Second of all, we raised more money than any other candidate because we taught people how to run grassroots. Since that time, we've had an organization, Democracy for America, which has raised even more grassroots money and pumped into the local races and we've had some successes in so-called red states.
I understand what it is to empower people who aren't in Washington. I think we can't win anymore unless the message is made in the states and then filters up to Washington rather than made at the DNC and then we tell the state parties what to do because the message--there'll be an overall Democratic message, but the message needs to come from places like Alabama, not just Minnesota, if we're going to win and have a chance in Alabama. So I think I have a lot to offer the DNC and we'll see if they agree with me or not.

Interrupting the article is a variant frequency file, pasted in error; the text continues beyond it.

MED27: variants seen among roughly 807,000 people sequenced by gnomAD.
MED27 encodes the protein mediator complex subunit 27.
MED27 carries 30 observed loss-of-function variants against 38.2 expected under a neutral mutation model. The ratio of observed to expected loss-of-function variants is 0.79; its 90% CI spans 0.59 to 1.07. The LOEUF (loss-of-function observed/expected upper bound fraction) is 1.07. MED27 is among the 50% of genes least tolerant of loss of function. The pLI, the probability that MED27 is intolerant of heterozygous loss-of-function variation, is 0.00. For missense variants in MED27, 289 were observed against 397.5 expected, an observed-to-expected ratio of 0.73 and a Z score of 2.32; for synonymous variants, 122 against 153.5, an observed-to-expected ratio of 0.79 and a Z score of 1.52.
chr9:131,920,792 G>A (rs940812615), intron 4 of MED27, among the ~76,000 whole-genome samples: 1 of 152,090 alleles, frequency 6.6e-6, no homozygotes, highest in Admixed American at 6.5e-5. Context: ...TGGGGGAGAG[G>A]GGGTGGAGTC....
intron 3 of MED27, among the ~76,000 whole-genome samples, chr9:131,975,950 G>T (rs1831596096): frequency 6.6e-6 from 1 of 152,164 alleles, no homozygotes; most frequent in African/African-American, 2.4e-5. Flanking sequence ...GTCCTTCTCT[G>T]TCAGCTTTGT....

MR. RUSSERT: Harry Reid, the new leader of the Democrats, was on the MEET THE PRESS last week, and he said he would be open to Antonin Scalia being appointed chief justice of the Supreme Court. There may be some ethical problems, he said. If he could get by those, he was very much impressed by the brilliance of his mind.
DR. DEAN: Well, first of all, I like Harry Reid a lot. He's a straight shooter, and I think he's going to be a good leader. I disagree with him on this one. I think Antonin Scalia ought not to be on the Supreme Court let alone chief justice because I think he lacks judicial temperament.
MR. RUSSERT: Why?